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“Zoinker? That’s not a word Dad!”  I was being Scrabble-challenged by my kids and was about to get caught fabricating when I was saved by my yet-to-be-born grandson. My daughter, leading this stoopid word game comfortably, suddenly had an uncomfortable contraction, not the grammatical type, but a contraction that precedes the birth of unborn grandsons, and the real game was on. She was soon “sentenced” into hard labor but as luck would have it, my other daughter, a midwife-in-training who was also calling me a Scrabble cheat, now got busy converting our den into a birthing room thingamajig! She called in reinforcements and to my surprise TWO trained midwives showed up at my door with a veritable hospital in tow: oxygen, medications, IVs, week-old tapioca and more tanks (three) than the Swiss army.  Four hours later, in one of the sweetest and smoothest births I have ever heard, (childbirth often testing the auditory nerves) my youngest daughter delivered a 9 lb. boy into the hands of my eldest daughter. Not a tear or a tear. A few years ago I was not a fan of home births but, now, despite my pouting protestations, all of my grandkids have been delivered at home by a midwife. It has been a pleasant revelation to me. Keep in mind I am usually so conservative I consider Stephen Harper a hippie.

I have always been puzzled why my medical degree, mounted ostentatiously on the wall to prove to my patients, colleagues and hockey chums that I did actually graduate, in fact declares me a “Doctor of Medicine, Surgery and Midwifery.” Most doctors aren’t surgeons and most would claim to have more of a midriff than to be a midwife. When I point this out to others they too comment, “I’d never have guessed you had a degree, Dave.”

Midwifery has become so popular now that a whopping percentage of all births in my city (Victoria, BC) are conducted by highly trained midwives. They are experts in delivering great babies, like my entire grandprogeny. Based on the principle that low risk childbirth is a natural process, midwives provide such excellent care and education to mothers that seldom do they end up sporting Cesarean scars. They spend a massive amount of time (time most of us midriff types don’t have) with the mothers before, during and after the birth. They perform their art either in a hospital or in the home. Two midwives attend each delivery, one to care for the mother, the other the baby.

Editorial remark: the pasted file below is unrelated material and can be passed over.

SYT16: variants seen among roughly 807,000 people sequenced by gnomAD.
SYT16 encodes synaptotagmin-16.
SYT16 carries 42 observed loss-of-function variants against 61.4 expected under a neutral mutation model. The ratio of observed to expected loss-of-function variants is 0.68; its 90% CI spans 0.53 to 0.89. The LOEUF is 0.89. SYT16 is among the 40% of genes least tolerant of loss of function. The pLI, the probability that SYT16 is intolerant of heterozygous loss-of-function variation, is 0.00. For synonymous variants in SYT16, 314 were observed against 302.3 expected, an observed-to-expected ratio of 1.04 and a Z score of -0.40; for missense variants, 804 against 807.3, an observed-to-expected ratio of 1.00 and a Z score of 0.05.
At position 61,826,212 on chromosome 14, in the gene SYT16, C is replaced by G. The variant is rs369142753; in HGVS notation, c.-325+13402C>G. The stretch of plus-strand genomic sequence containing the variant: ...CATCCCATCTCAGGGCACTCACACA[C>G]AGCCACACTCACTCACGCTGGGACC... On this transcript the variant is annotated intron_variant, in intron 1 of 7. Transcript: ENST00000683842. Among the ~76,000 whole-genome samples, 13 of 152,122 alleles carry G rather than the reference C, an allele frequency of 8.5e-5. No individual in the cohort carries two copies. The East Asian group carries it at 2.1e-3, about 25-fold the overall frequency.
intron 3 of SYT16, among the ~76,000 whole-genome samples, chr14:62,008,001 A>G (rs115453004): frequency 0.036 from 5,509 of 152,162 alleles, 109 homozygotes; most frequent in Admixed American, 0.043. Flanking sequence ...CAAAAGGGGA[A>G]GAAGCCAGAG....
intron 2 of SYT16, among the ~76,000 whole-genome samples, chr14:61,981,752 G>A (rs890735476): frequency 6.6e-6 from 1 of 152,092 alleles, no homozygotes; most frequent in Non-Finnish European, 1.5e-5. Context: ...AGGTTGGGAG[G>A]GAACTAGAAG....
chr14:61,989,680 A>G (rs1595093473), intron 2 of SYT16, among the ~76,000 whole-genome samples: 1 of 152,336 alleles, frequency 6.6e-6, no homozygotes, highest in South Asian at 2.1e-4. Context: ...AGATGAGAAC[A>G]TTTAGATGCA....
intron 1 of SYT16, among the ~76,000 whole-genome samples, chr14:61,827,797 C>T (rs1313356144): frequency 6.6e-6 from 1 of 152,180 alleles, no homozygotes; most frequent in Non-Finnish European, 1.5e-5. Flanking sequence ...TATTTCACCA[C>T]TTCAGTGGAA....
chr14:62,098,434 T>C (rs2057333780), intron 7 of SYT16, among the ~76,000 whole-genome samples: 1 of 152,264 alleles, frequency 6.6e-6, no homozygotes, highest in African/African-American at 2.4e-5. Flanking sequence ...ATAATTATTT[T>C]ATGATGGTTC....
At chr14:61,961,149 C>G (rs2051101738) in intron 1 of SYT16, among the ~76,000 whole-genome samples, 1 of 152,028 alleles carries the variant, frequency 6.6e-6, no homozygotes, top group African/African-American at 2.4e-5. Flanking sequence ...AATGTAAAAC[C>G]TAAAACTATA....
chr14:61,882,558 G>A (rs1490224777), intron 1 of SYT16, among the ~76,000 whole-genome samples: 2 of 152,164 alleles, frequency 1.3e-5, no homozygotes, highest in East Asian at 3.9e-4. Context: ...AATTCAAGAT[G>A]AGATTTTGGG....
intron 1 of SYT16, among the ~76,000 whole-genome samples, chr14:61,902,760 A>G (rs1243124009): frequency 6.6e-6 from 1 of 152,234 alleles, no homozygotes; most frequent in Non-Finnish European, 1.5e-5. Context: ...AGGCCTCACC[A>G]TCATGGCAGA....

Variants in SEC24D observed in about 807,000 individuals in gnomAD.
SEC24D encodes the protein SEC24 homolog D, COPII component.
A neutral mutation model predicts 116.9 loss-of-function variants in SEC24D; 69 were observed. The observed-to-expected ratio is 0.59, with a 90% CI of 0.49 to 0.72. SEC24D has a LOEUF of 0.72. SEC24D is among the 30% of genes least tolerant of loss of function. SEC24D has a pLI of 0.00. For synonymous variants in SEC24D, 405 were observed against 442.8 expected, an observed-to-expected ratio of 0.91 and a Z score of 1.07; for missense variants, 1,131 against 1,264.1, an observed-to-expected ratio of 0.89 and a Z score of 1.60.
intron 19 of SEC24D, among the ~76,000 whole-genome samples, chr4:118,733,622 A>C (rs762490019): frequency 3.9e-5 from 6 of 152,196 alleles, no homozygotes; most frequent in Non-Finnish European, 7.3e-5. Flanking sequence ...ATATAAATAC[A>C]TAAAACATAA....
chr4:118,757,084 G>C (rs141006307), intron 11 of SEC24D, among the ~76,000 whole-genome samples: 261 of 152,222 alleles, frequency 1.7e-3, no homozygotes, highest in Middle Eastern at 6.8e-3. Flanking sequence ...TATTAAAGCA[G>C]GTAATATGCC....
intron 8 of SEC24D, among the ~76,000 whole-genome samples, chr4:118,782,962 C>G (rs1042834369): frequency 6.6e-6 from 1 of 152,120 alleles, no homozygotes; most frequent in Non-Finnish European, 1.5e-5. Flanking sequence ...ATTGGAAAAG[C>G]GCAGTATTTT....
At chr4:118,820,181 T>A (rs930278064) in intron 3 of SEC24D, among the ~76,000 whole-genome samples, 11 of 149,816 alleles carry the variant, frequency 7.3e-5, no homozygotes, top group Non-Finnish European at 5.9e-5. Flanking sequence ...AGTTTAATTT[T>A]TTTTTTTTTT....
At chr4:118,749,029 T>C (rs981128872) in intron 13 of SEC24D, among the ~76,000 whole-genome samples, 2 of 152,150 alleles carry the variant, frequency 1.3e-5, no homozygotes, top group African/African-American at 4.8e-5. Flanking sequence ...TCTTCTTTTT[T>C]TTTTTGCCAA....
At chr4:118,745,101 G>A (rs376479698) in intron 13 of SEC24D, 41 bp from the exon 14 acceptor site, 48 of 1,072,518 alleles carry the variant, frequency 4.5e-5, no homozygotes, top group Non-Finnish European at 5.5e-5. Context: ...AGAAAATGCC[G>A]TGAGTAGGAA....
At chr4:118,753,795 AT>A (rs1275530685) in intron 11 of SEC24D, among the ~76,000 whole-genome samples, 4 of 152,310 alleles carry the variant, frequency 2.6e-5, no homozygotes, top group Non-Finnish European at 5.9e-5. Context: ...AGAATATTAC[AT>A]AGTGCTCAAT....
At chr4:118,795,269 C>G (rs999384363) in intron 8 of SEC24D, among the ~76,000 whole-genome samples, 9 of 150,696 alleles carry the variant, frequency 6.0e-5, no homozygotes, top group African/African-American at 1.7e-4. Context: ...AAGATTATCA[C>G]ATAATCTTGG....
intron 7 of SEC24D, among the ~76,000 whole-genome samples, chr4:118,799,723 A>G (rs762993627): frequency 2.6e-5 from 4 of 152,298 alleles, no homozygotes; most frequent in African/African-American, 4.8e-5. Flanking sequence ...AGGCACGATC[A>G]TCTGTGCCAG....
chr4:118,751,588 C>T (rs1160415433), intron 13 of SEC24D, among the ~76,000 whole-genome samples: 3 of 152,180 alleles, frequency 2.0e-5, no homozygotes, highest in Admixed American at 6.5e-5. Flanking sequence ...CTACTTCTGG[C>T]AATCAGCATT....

At any time in the prenatal care or during labor, should a midwife or mother have any concerns, they are instantly plugged, so to speak, into an obstetrician who can work with the midwife at that point.

So now I’ve become confident discussing the midwifery option with freshly pregnant gals in my office. I have been pleasantly surprised with how many return months later and thank me for directing them to what was a great pregnancy and birth experience.

So let’s give these midwives their due date. They certainly deliver.

With my daughters busy delivering I alone returned to the Scrabble table and made a few surreptitious changes to win the game, a victory I have dedicated to my new grandson – Zoinker.

Dr. Dave is returning to Africa on safari in September 2013!! If interested in going with him, call 888-432-8344 to find out more.